While very low carbohydrate diets (LCD) promise to cut blood sugars, a review of popular LCDs finds that while very low-carb eating can reduce blood sugar in the short run, little evidence exists to show long-term benefits.
The study, published online in the Journal of the American Osteopathic Association, reports that while LCDs may be “slightly better than low fat diets for weight and triglycerides management” they are “not superior for the management of blood glucose, blood pressure, or cholesterol levels.”
However, researchers note that physicians should be aware that “available evidence for LCDs is limited because of variable definitions, lack of long-term studies, and lack of patient adherence.”
Diets considered ranged from very low carb—less than 20 to 60 grams per day—to less restrictive diets that averaged about 130 grams per day. The American Diabetes Association says diets should be tailored to individual needs, but recommends starting at 45-60 grams of carbohydrates per meal.
“Patients can likely follow a version of the low carbohydrate diet for longer than the studies suggest, but we don’t know the health effects of a very low carbohydrate ketogenic diet of less than 20 grams of carbs per day,” says Heather Fields, MD, an author of the study and a doctor of integrative medicine at the Mayo Clinic in Phoenix, Arizona. “With so few people adhering to a truly ketogenic diet long term [more than a year], we will likely never be able to study the health effects in a meaningful way.”
Dr. Fields finds that if type 2 patients have not had success with a plant-based, whole-foods diet with moderate calories and avoidance of processed foods, they might consider a very low-carbohydrate diet to “get back on track.”
But eventually, she suggests people incorporate whole grains, legumes, vegetables and fruits in moderate portions, “because we know these foods have key nutrients including fiber, antioxidants and phytochemicals that are protective and restorative.”
“Low carbohydrate diets may be easier for some due to increased satiety and overall lifestyle, but once they reach a reasonable weight, I advocate for incorporating a variety of whole foods and plants,” says Dr. Fields.
The problem in researching low-carb diets is that people do not use the same definition of low carb and very few studies go beyond a year, says DiabeticLifestyle Editorial Board Member Amy Hess Fischl, MS, RD, LDN, BC-ADM, CDE. Hess Fischl agrees with previous proposals to standardize the language rgarding low carb diets: very low carb are those that use 10% of calories from carbs (20-50g); low carb about 26% (130g); moderate carb about 45% and high carb over 145 grams per day.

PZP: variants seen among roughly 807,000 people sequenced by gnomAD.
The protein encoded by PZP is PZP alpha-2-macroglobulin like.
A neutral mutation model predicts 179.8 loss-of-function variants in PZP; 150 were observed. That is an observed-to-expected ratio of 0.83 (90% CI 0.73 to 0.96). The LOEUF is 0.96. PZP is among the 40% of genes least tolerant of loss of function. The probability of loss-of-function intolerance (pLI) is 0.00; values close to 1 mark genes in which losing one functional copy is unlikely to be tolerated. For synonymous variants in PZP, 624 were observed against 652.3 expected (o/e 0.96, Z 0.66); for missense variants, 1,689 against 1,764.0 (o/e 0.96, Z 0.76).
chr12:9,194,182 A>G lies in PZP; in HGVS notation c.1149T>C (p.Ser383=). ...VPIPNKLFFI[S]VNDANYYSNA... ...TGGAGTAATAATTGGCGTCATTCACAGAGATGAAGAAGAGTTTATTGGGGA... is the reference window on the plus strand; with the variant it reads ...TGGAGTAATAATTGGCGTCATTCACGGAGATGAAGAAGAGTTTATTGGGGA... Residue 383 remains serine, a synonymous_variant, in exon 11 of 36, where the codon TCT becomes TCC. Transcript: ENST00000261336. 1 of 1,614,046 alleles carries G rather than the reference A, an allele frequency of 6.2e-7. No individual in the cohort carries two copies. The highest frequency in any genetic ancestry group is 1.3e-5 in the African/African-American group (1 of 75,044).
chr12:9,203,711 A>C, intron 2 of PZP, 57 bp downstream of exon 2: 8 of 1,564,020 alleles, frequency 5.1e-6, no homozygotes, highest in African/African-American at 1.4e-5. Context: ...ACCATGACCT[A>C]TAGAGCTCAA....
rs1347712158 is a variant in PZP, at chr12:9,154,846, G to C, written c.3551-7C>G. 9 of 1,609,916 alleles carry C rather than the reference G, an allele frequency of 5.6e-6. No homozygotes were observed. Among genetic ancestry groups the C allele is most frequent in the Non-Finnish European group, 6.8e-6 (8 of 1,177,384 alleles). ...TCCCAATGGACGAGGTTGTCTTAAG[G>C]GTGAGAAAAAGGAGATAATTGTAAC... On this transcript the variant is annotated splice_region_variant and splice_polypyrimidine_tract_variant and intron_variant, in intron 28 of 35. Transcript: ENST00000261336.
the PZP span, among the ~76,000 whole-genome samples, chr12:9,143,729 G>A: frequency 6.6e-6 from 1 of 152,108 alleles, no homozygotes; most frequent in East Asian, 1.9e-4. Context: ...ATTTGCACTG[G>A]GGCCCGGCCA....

As a point of comparison, she notes that the average American man consumes about 47% of his diet from carbs (283g) and the average woman about 49% (228g). “What we can agree on is that the average American eats too many carbs, which can cause a rise in problems with blood glucose control,” says Hess Fischl, who is also a diabetes educator at the University of Chicago Kovler Diabetes Center.
When it comes to the difficultly of researching low-carb diets long-term, Hess Fischl notes that such studies are expensive and often limited due to self-reported data. “The best approach for people with type 2 diabetes is to meet with a dietician and to see what really helps them,” she says. “When it comes to type 2 diabetes carbs are the first component to look at but we have to find a healthy balance of fats, proteins and vegetables and fruits.”
Hess Fischl points out that finding the optimal diet can take some trial and error since everyone’s body and metabolism are so different.
“The reality is that every plan needs to be individualized,” says Hess Fischl. “Rather than focusing on very low carb, we should focus on being ‘carb selective.’”
“Short term a very low carbohydrate diet could work to lose weight,” she said. “But food is a component of everything and we need a healthy relationship with food.”
“The American diet is simply too high in sugar,” says Susan Delaney, ND, an integrative medicine doctor who practices at The Wellness Alliance in Carrboro, North Carolina. Rather than focus her type 2 diabetes patients on very low carbohydrate eating she also tries to concentrate on eating real food and avoiding processed foods that are packed with sugar and low in nutrients.
“It often depends on what a person normally eats,” says Dr. Delaney. “If it’s chips and bagels, then we want to shift their diet to more nutrient dense foods. The body needs carbohydrates, but not processed carbohydrates.”
Her best bet for type 2 patients is the Mediterranean diet, which is high in soluble fats, but she says she is not opposed to the revised low carbohydrate Atkins or South Beach diets, as long as fruits and vegetables are incorporated into the eating plan.
“I do object to the Paleo diet,” she says, “since it lacks variety and is too heavily weighted toward protein.”
Dr. Fields says the takeaway from her study is that “the most important contributor to healthy eating and long term success is to eat a variety of real food on a consistent basis.”
“If type 2 patients can adhere to low-carbohydrate diets that are whole foods and plant based over the course of several years, they could certainly benefit,” she says.